In a daring plan to end poverty once and for all in their country, Finnish government authorities are working on a plan that will pay every citizen in the country a monthly income.
It’s called a basic income plan and the country hopes to eventually give each Finnish citizen €800, or about $866, each month.
While exact details of the plan won’t be released until November 2016, the Finnish government plans to eliminate earnings-based social programs, like unemployment insurance, and pay everyone the same amount. A first phase of the plan will reportedly pay citizens €550, about $595, each month, according to Huffington Post.
Contrary to critics of the plan, the government believes offering its people a basic income will encourage currently-unemployed people to enter the workforce, even if it’s for a lower-paying job.Photo via Santeri Viinamäki
The plan is currently being drafted and has the support of Finland’s prime minister, Juha Sipila, as well as most parties in the Finnish parliament. Sipila was quoted by the BBC as saying:
“For me, a basic income means simplifying the social security system.”
Because the program won’t require the government to calculate earnings for each individual to deem them worthy, the proposed program is less “judgemental” than the current system of welfare benefits. Paying citizens the same amount will also reduce government costs and shrink the bureaucracy.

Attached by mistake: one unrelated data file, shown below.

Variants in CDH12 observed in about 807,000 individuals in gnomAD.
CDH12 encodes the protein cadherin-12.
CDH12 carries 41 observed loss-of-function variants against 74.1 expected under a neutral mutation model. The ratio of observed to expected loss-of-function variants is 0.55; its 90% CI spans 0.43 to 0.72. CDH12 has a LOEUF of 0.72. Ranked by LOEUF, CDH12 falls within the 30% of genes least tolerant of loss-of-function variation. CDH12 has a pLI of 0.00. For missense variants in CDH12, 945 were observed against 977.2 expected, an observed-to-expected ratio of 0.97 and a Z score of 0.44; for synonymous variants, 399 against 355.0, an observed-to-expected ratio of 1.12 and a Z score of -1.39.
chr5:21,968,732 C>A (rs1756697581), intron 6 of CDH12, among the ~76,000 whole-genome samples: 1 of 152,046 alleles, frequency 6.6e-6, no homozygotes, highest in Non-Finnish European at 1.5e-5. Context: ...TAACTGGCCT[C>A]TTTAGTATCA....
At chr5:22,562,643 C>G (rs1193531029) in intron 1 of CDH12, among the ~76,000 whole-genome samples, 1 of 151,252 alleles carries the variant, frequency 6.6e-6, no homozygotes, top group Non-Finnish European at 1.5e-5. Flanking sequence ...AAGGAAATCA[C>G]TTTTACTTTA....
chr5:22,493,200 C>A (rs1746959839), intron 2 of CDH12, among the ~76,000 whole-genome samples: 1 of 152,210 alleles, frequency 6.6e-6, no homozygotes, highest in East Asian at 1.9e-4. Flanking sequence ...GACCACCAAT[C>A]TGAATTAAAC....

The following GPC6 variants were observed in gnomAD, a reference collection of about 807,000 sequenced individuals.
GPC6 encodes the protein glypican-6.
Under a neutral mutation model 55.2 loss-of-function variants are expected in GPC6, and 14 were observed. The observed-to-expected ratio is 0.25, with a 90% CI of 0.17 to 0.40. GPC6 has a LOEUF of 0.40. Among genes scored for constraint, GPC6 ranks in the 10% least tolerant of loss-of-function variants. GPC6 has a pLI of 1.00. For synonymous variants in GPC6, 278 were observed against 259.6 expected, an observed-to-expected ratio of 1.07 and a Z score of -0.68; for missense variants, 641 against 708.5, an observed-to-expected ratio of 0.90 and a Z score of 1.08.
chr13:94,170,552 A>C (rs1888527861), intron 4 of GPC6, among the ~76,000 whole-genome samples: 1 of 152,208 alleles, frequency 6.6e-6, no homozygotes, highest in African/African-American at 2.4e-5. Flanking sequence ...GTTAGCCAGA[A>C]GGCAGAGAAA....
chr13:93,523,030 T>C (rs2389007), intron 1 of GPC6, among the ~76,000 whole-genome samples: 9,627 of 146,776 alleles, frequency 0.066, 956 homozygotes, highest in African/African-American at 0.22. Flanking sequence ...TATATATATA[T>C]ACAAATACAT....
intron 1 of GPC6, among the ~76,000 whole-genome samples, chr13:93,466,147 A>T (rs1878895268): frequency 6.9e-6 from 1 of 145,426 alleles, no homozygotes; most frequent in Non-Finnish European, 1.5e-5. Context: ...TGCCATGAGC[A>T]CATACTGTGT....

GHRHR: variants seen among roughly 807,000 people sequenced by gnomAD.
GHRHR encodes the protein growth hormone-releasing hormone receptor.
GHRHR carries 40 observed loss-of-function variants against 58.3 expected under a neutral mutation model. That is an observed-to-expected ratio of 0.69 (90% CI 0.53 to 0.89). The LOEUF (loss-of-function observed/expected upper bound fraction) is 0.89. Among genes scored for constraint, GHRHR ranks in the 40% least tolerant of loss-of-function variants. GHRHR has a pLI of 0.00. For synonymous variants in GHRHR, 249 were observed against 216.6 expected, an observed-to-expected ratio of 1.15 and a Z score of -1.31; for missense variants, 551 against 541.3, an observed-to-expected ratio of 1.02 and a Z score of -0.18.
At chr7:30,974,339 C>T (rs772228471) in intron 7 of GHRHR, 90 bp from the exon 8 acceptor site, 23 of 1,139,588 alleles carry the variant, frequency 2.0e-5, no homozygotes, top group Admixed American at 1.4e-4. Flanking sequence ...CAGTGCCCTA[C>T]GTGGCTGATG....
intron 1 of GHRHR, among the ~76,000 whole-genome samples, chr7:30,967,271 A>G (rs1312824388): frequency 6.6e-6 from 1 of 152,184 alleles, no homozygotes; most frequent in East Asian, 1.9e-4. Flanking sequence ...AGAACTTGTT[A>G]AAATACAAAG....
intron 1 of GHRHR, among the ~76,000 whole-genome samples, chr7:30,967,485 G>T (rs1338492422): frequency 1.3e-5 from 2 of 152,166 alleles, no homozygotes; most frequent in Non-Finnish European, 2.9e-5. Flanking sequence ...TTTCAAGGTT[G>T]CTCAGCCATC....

Despite the naysayers, there has been a real world example of a similar plan that was implemented in the town of Dauphin in Manitoba, Canada during the 1970s.
In their 5-year experiment that was recently unearthed, Dauphin effectively eliminated poverty by offering a “mincome.” The results did see a drop in workforce participation which was attributed to people going back to school, an option that became more affordable.
Switzerland is also planning to hold a referendum on basic income where the policy, like many of the country’s issues, will be decided by popular vote. Current proposals for a Swiss basic income plan to offer its people $2,500 Swiss francs a month, which translates into just under $2,500.